1. In 1967, the United States Supreme Court held that the right to a speedy trial, guaranteed by the United States Constitution, was a fundamental right applied to the states by the Due Process Clause of the Fourteenth Amendment. In 1972, in Barker, the United States Supreme Court established a four-factor balancing test to evaluate claims of speedy trial violations. It directed courts to consider the length of the delay, reason for the delay, assertion of the right by a defendant, and prejudice to the defendant. The Court declined to identify a deadline after which a charge would be subject to dismissal. It also did not require that a defendant demand a speedy trial or waive the right. Instead, the Court directed a case-by-case application of the four factors. With regard to the first factor, the Court held that a delay may be presumptively prejudicial and thereby trigger consideration of the other factors. The length of the delay that may be considered presumptively prejudicial depends on the circumstances of the case, including the nature of the charged offense. Once a defendant asserts a violation of the right to a speedy trial, the government is required to identify the reason for the delay. In assessing prejudice, the interests being protected are the prevention of oppressive incarceration, minimization of anxiety attributable to the unresolved charge, and limitation of the possibility of impairment of the defense. All factors are related, requiring a balancing. (pp. 11-16)
2. The right to a speedy trial extends to quasi-criminal matters pending in the municipal courts, including DWI charges. In addition to the Barker analysis, this Court has adopted various rules and directives governing prompt disposition, but it has declined to set a deadline after which the charges must be dismissed. Even the sixty-day period announced in 1984, and relied on by the Law Division judge in this case, was described as a goal rather than a bright-line rule. The Court reaffirms its adherence to the four-factor Barker analysis, recognizing that the facts of an individual case are the best indicators of whether a right to speedy trial has been violated. (pp. 16-24)
3. Cahill was charged with an indictable offense arising out of the October 27, 2007 incident. Because prosecution of the DWI charge prior to resolution of the indictable offense could have resulted in double jeopardy and the dismissal of the more serious charge, the State moved promptly. Cahill pled guilty to the indictable offense on September 19, 2008, and the court imposed sentence on November 14, 2008. The eleven-and-one-half-month gap between the initial charge and disposition of the indictable offense was reasonable. However, sixteen months elapsed between remand of the DWI charge to the municipal court and the time Cahill received notice of the first trial date, which is long enough to trigger consideration of the remaining Barker factors. The DWI charge was a straightforward quasi-criminal offense with uncomplicated legal issues and no witness-availability problems and the State offered no explanation for the delay—two factors that weigh against the State. Cahill did not take any action to trigger a trial after the remand, but a defendant does not have an obligation to bring himself to trial and Cahill promptly filed a motion after receipt of the trial notice. Although failure to assert the speedy trial right is a factor that must be considered, it does not counterbalance the lengthy and unexplained delay in this case. Finally, Cahill limited his employment options in anticipation of prosecution, and any person would experience anxiety from the existence of a pending and long-unresolved charge, particularly one that would have a dramatic effect on daily activities and the ability to earn a living. After balancing the factors, the Court concludes that the extensive and unexplained delay, coupled with the generalized anxiety and personal prejudice occasioned by the protracted resolution of this matter, violated Cahill’s right to a speedy trial. (pp. 24-29)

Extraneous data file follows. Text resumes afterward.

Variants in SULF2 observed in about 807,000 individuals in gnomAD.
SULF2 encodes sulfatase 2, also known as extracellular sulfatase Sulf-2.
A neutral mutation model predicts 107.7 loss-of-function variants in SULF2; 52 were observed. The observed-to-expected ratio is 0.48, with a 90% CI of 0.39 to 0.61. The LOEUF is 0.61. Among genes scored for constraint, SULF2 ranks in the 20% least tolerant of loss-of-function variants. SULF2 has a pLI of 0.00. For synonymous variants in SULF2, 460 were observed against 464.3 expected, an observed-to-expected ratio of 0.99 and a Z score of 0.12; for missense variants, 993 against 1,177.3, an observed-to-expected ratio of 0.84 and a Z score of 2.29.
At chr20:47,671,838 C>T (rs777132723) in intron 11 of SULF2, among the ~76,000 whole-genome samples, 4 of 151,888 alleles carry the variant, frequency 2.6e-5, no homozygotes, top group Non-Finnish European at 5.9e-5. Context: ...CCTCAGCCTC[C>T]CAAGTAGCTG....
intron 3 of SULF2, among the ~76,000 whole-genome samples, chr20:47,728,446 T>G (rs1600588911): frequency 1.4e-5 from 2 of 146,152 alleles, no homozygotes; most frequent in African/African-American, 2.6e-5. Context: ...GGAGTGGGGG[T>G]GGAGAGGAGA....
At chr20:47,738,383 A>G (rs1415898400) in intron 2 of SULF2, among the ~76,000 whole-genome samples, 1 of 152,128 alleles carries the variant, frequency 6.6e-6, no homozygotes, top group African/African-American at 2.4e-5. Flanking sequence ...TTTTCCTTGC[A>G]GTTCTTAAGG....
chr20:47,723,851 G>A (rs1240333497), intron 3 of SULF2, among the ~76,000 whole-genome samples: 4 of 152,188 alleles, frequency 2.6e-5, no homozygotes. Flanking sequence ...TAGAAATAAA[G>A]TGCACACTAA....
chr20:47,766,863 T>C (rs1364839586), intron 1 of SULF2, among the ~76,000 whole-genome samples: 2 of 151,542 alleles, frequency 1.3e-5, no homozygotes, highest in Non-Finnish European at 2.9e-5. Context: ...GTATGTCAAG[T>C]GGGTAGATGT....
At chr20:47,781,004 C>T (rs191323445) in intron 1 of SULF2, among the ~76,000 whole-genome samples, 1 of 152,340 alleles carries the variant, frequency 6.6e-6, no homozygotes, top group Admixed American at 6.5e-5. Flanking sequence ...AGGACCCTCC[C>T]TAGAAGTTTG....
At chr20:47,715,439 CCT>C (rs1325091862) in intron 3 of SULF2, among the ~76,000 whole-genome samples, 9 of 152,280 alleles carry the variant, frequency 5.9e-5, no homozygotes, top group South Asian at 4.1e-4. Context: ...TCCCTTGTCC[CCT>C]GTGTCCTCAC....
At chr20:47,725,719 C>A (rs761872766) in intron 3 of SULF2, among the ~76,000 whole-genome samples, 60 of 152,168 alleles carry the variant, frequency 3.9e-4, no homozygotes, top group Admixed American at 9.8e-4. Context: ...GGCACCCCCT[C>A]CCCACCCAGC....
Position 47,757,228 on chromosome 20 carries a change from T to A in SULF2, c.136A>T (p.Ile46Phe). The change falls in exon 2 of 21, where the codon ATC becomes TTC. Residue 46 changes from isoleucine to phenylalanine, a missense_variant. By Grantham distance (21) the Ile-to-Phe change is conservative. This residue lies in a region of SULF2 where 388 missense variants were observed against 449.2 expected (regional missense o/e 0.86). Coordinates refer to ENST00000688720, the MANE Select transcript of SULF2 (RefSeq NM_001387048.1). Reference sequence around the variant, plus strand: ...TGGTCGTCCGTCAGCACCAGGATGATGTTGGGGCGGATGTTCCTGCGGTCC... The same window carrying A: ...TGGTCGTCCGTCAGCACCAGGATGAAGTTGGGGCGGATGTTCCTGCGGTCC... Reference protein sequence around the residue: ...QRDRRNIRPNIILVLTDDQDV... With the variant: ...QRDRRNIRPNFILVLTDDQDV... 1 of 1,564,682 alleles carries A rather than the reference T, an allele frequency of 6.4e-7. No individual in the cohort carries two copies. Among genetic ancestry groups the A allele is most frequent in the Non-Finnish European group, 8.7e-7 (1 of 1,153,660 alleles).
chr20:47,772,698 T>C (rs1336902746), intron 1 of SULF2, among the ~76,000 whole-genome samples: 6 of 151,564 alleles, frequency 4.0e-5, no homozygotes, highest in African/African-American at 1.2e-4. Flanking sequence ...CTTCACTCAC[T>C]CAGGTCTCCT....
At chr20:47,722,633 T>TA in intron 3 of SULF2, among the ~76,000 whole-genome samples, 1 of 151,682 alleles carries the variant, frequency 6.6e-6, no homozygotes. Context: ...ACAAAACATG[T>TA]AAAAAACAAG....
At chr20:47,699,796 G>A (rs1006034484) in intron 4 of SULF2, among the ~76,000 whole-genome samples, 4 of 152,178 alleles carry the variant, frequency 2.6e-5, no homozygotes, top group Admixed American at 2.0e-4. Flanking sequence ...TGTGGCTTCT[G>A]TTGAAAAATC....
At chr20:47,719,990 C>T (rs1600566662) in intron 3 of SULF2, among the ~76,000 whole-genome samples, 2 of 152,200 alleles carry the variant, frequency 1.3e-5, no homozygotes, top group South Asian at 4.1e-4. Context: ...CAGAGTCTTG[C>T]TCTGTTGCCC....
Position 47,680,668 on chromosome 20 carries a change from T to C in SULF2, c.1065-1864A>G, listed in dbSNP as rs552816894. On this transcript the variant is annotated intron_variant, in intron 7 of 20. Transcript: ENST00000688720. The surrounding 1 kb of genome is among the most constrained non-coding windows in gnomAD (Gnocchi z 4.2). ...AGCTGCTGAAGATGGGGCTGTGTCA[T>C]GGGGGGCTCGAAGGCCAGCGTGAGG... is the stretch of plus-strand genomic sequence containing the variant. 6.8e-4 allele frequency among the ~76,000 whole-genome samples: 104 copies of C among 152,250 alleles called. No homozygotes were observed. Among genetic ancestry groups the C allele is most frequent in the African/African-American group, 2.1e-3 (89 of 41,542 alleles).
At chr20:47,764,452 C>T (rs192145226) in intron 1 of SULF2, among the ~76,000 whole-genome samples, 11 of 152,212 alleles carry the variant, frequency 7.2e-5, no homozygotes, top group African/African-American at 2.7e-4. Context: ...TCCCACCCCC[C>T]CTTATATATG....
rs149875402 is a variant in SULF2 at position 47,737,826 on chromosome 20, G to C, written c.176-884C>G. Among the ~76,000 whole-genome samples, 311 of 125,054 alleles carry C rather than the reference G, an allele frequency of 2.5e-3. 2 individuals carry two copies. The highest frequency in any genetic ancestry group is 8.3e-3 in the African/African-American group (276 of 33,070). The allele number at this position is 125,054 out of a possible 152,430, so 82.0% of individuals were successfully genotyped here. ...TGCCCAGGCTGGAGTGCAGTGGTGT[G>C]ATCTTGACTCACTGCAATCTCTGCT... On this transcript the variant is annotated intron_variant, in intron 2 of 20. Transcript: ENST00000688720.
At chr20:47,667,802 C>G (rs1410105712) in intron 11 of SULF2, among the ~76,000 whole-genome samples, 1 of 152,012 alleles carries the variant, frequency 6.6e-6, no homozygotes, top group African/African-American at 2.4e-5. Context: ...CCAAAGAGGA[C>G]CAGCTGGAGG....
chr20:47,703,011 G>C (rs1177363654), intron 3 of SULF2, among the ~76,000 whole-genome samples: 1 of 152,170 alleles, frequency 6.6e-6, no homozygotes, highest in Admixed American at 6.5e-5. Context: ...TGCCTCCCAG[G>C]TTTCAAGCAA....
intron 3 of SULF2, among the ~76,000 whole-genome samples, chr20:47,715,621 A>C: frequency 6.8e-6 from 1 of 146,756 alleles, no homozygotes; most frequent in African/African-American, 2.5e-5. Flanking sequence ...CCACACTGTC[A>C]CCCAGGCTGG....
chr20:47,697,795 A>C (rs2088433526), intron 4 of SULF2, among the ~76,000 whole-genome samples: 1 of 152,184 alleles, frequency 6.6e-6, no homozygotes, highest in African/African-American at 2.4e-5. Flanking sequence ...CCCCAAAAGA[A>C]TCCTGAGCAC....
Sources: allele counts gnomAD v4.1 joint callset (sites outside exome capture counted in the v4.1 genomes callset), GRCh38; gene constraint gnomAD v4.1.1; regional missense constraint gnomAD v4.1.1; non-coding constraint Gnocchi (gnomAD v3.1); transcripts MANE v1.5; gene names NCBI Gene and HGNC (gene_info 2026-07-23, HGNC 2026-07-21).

4. Administrative Directive #04-11, adopted in 2011, requires that the Superior Court dispose of all parts of a case before it, including municipal court matters, unless there is a compelling reason otherwise. Although there will be instances that require motor vehicle charges to be resolved separately, the Court declines to adopt a try-or-miss rule. It also cautions that a judge applying the Barker analysis must take into account the effects of the State v. Chun order addressing the scientific reliability of the Alcotest. (pp. 29-31)
5. On balance, the factors fall in favor of Cahill’s claim that, in this case, the delay deprived him of his constitutionally-guaranteed right to a speedy trial. (pp. 31-33)
The judgment of the Appellate Division is AFFIRMED.